TEL AVIV, ISRAEL — Israel’s army chief of staff, General Aviv Kochavi, recently commented on the International Criminal Court (ICC) decision to investigate Israel for war crimes. In his speech, General Kochavi said:
There is a moral abyss that exists between us and our enemies. They do everything in order to target civilians; we do everything to prevent hurting their civilians. They rejoice when our civilians are killed; we investigate when theirs are killed.”
Sounds like a pretty good opening statement for his defense once the trial at The Hague commences. The only problem is, none of what he said is true.
As these words are being written, Israel is in the process of figuring out the results of its fourth elections in two years. These elections mark what could be the final step in a political strategy that would make Machiavelli proud. This strategy is one that was planned and executed brilliantly by Israeli Prime Minister Benjamin Netanyahu and that brought about the total disintegration of his opposition.
All that is left of those who ran against him are tiny fragments. The hungry politicians who lead these fragments cannot possibly compete with Netanyahu’s domestic political acumen.
Similarly, no Israeli politician is able to compete with Netanyahu’s gravitas in the international arena. This is something that was clearly demonstrated by the recent visit to Tel-Aviv by the Danish prime minister, Mette Frederiksen, and the Austrian chancellor, Sebastian Kurz, to discuss cooperation among the three countries.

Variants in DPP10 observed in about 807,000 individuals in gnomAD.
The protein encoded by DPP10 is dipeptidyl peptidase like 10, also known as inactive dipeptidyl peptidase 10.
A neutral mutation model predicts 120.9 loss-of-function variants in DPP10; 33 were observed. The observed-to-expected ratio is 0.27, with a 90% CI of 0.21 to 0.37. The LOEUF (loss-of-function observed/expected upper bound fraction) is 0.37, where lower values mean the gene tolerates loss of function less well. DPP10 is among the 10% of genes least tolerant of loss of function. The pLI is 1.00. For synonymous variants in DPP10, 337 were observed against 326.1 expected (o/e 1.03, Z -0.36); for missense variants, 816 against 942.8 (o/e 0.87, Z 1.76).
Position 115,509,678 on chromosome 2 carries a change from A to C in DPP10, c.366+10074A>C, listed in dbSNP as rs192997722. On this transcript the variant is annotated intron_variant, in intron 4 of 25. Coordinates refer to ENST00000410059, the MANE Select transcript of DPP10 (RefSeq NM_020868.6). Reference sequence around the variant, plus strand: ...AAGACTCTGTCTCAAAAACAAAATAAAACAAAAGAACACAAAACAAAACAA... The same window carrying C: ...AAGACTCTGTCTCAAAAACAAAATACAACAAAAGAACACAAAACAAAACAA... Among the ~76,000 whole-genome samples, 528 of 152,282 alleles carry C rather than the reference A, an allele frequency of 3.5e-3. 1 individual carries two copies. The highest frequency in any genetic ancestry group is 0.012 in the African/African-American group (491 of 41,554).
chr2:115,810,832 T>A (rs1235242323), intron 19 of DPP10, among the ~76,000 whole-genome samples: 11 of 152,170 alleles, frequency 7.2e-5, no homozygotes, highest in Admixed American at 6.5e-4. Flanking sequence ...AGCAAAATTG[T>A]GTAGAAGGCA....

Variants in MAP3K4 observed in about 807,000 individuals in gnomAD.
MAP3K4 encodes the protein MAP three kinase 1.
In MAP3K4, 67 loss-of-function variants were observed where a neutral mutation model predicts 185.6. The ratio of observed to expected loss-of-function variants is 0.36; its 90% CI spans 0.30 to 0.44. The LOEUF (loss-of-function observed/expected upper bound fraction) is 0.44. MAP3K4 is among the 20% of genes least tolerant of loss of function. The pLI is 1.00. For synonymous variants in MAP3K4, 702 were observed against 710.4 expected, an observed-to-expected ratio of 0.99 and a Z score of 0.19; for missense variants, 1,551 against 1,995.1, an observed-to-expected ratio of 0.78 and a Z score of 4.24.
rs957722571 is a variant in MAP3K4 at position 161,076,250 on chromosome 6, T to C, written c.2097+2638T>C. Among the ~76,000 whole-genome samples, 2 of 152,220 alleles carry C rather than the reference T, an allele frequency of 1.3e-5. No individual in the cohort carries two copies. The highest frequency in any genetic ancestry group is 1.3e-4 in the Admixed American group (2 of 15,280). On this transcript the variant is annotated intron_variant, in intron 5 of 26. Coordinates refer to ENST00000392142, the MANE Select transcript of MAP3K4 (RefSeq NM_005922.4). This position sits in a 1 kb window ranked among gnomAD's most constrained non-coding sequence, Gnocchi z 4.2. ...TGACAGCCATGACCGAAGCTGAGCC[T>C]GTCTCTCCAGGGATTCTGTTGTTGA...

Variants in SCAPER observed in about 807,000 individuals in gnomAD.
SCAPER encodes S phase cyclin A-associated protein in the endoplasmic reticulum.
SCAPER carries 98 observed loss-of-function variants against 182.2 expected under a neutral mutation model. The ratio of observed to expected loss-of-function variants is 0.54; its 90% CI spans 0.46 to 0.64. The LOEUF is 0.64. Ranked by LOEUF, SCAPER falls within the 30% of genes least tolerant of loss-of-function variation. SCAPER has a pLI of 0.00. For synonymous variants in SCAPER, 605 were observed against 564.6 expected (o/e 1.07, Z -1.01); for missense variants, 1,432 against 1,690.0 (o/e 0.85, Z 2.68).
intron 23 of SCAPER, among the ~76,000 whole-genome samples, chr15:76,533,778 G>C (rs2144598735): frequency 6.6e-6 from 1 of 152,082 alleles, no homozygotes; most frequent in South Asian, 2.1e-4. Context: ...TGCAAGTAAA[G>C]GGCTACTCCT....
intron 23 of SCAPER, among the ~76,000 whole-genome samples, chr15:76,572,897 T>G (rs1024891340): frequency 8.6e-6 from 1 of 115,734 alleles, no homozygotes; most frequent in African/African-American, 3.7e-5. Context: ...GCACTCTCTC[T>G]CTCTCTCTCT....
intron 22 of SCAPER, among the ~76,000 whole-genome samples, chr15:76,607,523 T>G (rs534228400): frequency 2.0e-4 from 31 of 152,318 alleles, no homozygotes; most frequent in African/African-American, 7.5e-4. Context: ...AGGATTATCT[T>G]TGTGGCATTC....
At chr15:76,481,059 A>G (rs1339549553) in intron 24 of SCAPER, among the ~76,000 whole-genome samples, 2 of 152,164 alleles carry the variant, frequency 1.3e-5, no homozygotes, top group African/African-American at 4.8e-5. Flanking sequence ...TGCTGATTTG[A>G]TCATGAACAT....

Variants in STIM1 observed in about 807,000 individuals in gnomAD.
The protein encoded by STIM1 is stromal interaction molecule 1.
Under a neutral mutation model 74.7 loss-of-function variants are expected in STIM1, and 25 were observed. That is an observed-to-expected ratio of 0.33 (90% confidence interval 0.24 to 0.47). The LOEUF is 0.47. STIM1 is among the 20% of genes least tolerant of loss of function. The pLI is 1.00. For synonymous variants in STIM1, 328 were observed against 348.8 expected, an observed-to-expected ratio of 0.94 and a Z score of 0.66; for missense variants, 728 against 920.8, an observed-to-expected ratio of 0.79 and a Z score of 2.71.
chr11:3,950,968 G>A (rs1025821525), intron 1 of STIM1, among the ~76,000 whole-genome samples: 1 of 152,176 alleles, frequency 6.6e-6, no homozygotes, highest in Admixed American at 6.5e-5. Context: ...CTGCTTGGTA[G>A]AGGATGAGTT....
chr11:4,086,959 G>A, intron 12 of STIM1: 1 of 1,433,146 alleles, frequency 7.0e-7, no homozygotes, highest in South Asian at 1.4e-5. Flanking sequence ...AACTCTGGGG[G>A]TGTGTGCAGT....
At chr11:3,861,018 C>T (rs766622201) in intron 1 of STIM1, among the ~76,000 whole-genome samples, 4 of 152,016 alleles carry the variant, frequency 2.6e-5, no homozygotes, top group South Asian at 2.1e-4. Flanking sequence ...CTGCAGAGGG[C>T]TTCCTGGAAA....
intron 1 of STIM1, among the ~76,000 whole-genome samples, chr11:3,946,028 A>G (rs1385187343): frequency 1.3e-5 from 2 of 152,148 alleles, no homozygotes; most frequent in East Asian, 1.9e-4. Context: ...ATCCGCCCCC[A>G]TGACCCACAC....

“A moral abyss”
The speech given by the Israeli army chief represents a righteous indignation that is typical of Israeli officials. He says that “a moral abyss” exists between Israel and its enemies, and that is a very interesting choice of words. One might think it is self-defeating for the Israeli military and political officials to bring up morality. And yet, here is yet another general who made a career of killing civilians and maintaining a brutal military regime claiming moral superiority.
In truth, a moral abyss does exist between Israel and the Palestinian people. A quick comparison shows the following: From its very founding, Israel had invested billions of dollars in developing and maintaining its military; Palestinians have never had as much as a tank, much less a military force.
When this proved to be impossible, the Palestinians initiated a peaceful, dedicated, and morally just campaign of boycott, divestment, and sanction against the State of Israel. The demands set out by this call are all remedial and are all rooted in international law.
During these same decades, Israel had been engaged in dispossession, land theft, and violence. Palestinians are targeted by Israel regardless of their status or geographic location. Be they citizens of Israel, residents of the West Bank or Gaza, internally displaced, or refugees in camps outside of Palestine, Palestinians are living without rights — pushed off of their lands, prevented from access to basic resources like water, roads, and health care — and are killed on a daily basis.